What do prison cells look like

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The wide range of conditions reflects how countries treat criminals. Below are examples of prison cells around the world, from comfortable single bedrooms in Norway to overcrowded and run-down facilities in Malawi. Read on to see what prison cells look like around the world.

These photos of prison cells around the world show how differently countries treat their criminals These photos of prison cells around the world show how differently countries treat their criminals Prisons vary around the world.

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The wide range Mark Abadi. Cell Block 7 closed in , and it now exists as a museum within the walls of the still working state prison.

Aranjuez Prison, Aranjuez, Spain

The museum today runs tours and holds a variety of permanent and temporary exhibits, like one about the prison farm and another on prison-made furniture. The facility was built in Continue or Give a Gift. Privacy Policy , Terms of Use Sign up. SmartNews History. History Archaeology. World History. Science Age of Humans. Future of Space Exploration. Human Behavior. Our Planet.

U.S. Penitentiary Administrative Maximum—ADX Supermax

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    Photo of the Day. Meals are delivered three times a day by guards. With few exceptions, prisoners in most ADX Supermax units are allowed out of their cells only for limited social or legal visits, some forms of medical treatment, visits to the "law library" and a few hours a week of indoor or outdoor recreation. With the possible exception of Range 13, the Control Unit is the most secure and isolated unit currently in use at ADX.

    Prisoners in the Control Unit are isolated from the other prisoners at all times, even during recreation, for extended terms often lasting six years or more. Their only meaningful contact with other humans is with ADX staff members. The compliance of Control Unit prisoners with institutional rules is assessed monthly. A prisoner is given "credit" for serving a month of his Control Unit time only if he maintains clear conduct for the entire month.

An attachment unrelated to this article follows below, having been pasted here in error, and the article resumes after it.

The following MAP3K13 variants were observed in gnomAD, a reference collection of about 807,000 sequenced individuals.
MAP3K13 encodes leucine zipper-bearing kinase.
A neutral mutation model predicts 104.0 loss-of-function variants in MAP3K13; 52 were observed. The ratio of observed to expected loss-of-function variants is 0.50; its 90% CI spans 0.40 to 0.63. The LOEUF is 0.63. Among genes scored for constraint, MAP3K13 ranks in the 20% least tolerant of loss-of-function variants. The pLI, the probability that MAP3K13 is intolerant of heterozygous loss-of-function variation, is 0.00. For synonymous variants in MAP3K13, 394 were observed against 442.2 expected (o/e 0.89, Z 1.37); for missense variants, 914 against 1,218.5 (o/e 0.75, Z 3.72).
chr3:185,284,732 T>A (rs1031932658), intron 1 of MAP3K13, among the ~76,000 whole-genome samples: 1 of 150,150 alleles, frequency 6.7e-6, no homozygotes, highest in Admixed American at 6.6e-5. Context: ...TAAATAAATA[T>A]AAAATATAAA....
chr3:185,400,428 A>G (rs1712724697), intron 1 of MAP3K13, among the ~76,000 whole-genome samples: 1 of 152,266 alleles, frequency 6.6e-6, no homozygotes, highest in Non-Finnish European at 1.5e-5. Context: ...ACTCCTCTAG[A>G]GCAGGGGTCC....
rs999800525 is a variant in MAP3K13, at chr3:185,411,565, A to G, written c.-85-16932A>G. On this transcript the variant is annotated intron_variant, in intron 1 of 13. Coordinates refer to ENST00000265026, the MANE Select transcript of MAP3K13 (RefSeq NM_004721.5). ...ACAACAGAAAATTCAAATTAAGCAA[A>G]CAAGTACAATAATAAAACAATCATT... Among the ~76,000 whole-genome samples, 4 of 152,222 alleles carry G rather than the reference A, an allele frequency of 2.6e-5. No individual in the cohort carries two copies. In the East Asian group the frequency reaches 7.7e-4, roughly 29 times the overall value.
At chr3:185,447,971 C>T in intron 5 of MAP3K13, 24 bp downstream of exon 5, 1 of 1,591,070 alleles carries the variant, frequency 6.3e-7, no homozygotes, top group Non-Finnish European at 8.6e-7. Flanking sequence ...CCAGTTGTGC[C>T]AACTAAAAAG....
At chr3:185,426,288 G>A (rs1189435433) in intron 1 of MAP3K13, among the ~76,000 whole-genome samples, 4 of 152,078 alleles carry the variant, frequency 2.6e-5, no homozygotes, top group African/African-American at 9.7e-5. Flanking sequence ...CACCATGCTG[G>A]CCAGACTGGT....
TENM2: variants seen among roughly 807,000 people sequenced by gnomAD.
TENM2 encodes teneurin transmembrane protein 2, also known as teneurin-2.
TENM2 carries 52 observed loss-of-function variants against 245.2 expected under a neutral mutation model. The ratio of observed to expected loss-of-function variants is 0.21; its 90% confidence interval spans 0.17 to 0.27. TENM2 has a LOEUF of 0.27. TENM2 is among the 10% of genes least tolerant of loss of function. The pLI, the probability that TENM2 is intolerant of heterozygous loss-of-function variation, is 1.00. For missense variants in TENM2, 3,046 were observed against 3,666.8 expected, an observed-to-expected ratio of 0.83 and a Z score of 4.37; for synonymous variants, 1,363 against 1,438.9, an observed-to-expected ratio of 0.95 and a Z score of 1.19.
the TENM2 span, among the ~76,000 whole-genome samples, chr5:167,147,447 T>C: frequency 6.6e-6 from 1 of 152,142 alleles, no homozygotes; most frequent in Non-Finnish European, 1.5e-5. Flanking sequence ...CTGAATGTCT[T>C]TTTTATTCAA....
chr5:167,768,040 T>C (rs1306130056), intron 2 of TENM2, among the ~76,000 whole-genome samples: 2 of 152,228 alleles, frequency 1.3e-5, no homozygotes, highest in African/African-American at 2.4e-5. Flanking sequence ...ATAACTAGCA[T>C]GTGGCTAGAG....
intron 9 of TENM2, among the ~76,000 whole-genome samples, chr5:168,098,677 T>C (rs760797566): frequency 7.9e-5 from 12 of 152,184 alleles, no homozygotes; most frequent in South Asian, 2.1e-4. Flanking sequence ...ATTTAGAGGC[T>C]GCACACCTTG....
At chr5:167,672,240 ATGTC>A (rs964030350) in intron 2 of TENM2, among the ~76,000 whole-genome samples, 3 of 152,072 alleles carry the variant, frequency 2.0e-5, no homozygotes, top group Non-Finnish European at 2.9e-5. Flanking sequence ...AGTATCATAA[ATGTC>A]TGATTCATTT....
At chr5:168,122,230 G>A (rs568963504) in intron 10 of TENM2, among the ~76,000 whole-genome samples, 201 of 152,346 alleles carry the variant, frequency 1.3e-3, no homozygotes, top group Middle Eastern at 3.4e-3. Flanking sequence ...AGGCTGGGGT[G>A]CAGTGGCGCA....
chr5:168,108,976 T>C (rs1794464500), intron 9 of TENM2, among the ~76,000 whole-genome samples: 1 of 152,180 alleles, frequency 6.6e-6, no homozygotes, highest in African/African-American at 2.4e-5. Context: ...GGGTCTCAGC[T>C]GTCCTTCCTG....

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    For at least the first three years, ADX inmates remain isolated inside their cells on an average of 23 hours a day, including during meals. Inmates in the more secure cells have remote-controlled doors that lead to walkways, called dog runs, which open into a private recreation pen. The pen referred to as the "empty swimming pool," is a concrete area with skylights, which inmates go to alone. There they can take about 10 steps in either direction or walk around thirty feet in a circle. Because of the inability for prisoners to see prison grounds from inside their cells or the recreation pen, it is nearly impossible for them to know where their cell is located inside the facility.

    The prison was designed this way to deter prison breakouts. Many of the inmates are under Special Administrative Measures SAM to prevent the dissemination either of classified information that could endanger the national security or of other information that could lead to acts of violence and terrorism.

    Prison officials monitor and censor all inmate activity including all mail that is received, books, magazines and newspapers, phone calls and face-to-face visits. Phone calls are limited to one monitored minute phone call per month.

    If prisoners adapt to the rules of ADX, they are permitted to have more exercise time, additional phone privileges and more television programming. The opposite is true if prisoners fail to adapt. Throughout the prison's history, inmates have gone on hunger strikes to protest the harsh treatment that they receive.

    This is particularly true of foreign terrorists; by , over incidents of force-feeding of the striking prisoners had been documented. On June 18, , a class-action lawsuit, "Bacote v. Federal Bureau of Prisons," was filed alleging that the U. Eleven prisoners filed the case on behalf of all mentally ill prisoners at the facility. In December , Michael Bacote asked to withdraw from the case.